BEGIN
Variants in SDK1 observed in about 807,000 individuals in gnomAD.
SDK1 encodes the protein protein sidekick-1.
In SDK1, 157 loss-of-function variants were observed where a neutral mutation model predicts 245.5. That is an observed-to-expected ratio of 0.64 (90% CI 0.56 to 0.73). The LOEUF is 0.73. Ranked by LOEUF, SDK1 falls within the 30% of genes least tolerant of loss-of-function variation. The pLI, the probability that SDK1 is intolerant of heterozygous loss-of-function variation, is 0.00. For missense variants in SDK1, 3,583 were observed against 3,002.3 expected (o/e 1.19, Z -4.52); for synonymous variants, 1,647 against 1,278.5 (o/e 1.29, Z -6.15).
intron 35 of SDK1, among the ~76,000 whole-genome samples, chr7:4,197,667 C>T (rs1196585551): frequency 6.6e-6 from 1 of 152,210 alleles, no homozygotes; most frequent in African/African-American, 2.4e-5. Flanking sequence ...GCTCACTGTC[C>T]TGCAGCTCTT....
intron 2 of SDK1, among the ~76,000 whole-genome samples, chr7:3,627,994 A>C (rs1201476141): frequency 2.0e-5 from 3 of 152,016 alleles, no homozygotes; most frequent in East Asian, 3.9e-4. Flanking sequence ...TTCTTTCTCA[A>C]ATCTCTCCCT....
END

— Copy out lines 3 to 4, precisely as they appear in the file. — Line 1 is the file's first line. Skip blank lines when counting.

In SDK1, 157 loss-of-function variants were observed where a neutral mutation model predicts 245.5. That is an observed-to-expected ratio of 0.64 (90% CI 0.56 to 0.73). The LOEUF is 0.73. Ranked by LOEUF, SDK1 falls within the 30% of genes least tolerant of loss-of-function variation. The pLI, the probability that SDK1 is intolerant of heterozygous loss-of-function variation, is 0.00. For missense variants in SDK1, 3,583 were observed against 3,002.3 expected (o/e 1.19, Z -4.52); for synonymous variants, 1,647 against 1,278.5 (o/e 1.29, Z -6.15).
intron 35 of SDK1, among the ~76,000 whole-genome samples, chr7:4,197,667 C>T (rs1196585551): frequency 6.6e-6 from 1 of 152,210 alleles, no homozygotes; most frequent in African/African-American, 2.4e-5. Flanking sequence ...GCTCACTGTC[C>T]TGCAGCTCTT....